View from Atop: Trinidad
This week’s photography prompt from Cheri is “Atop” and I started thinking about photos I had taken from up high here in southern Florida. And then I laughed because the highest places in my neighborhood are the interstate overpasses. There is a city ordinance that buildings can only be three stories tall. I don’t have access to these “tall” buildings so all my photos from Florida are taken with my feet firmly planted on the ground and that ground is very flat.
Then I remembered some of my favorite photos from Cuba – taken from the second story balcony of the Architecture Museum in Trinidad. There are mountains not far from Trinidad, and a second story balcony pales when compared to a mountain-top view. I’m not going to knock my view from over a balcony, however, because my aging body has no desire to hike up a mountain.
And I love looking out a second story window – I have since I was a child. There is a peace that comes from being above the busy streets below, of seeing the upper branches of trees at eye level, of hearing bird songs on ear level. On the other hand, the second story still seems close to the action. I can still converse with people standing below.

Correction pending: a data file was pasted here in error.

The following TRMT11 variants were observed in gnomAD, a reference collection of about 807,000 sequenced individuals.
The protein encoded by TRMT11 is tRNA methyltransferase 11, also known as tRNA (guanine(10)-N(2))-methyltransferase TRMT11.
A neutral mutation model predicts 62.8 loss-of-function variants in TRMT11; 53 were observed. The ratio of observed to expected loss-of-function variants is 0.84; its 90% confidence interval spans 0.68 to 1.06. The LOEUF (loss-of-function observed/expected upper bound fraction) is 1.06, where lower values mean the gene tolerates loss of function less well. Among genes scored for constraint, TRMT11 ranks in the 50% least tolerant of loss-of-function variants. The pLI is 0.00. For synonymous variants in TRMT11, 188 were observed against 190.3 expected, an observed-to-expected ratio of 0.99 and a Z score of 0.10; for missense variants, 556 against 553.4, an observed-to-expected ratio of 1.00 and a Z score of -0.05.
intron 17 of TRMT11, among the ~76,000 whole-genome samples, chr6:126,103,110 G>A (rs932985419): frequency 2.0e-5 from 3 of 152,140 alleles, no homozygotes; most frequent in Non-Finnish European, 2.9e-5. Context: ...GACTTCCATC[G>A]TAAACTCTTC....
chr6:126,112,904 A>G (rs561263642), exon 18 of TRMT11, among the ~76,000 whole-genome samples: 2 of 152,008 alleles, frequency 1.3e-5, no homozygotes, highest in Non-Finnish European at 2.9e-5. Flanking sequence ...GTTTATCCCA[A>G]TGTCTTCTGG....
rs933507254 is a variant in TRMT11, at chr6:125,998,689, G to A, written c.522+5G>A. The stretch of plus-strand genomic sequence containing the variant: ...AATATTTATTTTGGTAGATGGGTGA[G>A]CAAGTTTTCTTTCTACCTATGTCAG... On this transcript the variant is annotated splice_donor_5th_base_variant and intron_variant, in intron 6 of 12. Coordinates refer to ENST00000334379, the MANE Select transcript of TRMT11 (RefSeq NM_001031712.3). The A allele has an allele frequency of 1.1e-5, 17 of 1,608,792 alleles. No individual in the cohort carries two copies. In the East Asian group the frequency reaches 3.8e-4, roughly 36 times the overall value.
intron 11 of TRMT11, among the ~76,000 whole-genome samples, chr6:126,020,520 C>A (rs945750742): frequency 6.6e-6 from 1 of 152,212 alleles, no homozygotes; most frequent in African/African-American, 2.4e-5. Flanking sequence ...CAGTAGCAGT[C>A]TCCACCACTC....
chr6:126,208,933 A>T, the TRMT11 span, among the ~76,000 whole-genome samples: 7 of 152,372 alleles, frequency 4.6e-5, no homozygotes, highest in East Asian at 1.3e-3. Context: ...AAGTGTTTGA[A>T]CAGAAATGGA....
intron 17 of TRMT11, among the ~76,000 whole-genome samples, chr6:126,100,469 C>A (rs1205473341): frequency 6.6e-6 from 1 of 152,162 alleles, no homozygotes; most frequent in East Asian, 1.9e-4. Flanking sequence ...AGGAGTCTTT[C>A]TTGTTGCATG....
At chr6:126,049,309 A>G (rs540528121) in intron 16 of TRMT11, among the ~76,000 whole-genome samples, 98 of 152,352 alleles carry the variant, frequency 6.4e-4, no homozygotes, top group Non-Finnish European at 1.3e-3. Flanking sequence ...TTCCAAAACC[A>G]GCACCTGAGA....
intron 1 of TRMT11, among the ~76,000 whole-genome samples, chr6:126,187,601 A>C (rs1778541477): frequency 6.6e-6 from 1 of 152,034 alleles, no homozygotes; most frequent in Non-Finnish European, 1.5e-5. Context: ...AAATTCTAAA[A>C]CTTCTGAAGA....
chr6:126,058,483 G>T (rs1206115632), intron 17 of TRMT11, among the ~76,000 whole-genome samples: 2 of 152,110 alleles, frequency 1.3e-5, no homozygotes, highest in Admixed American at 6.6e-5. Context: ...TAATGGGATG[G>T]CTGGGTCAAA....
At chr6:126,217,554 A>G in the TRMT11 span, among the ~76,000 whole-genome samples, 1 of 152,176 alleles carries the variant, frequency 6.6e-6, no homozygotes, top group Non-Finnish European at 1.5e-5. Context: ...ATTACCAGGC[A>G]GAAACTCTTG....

Walking through the museum with a knowledgeable and enthusiastic tour guide informed us of the colonial architecture used during the 1700’s and 1800’s when Cuba was prospering from the slave trade. I felt conflicted between the beauty of this city that was built on such a deplorable source of money. I had a hard time denying my joy of seeing and photographing the beautiful colonial buildings and I refuse to deny that the kidnapping, selling and purchasing of people are so very wrong – so I am forced to hold both as true.
But this post isn’t about the beauty of the architecture but is about what I saw from atop the second-story balcony. I love seeing the tops of other buildings – a view that is hidden from the street. A “roofscape” of sorts.
And a felt a little naughty spying on people dining – far above the lack of privacy at street level. Or so they thought.
My greatest joy came from photographing students walking home for lunch. In a land that felt so different and exotic, this felt familiar. All around the world, children interact in similar ways as they go about accomplishing their social developmental needs.
I couldn’t hear their interaction but I knew what the dialog could be because I’ve been there myself as a child and observed children interacting in many settings as I was raising my own children.
To learn about the tour company we used and our travel experience, read this previous post: Cuba: Traveling on the Edge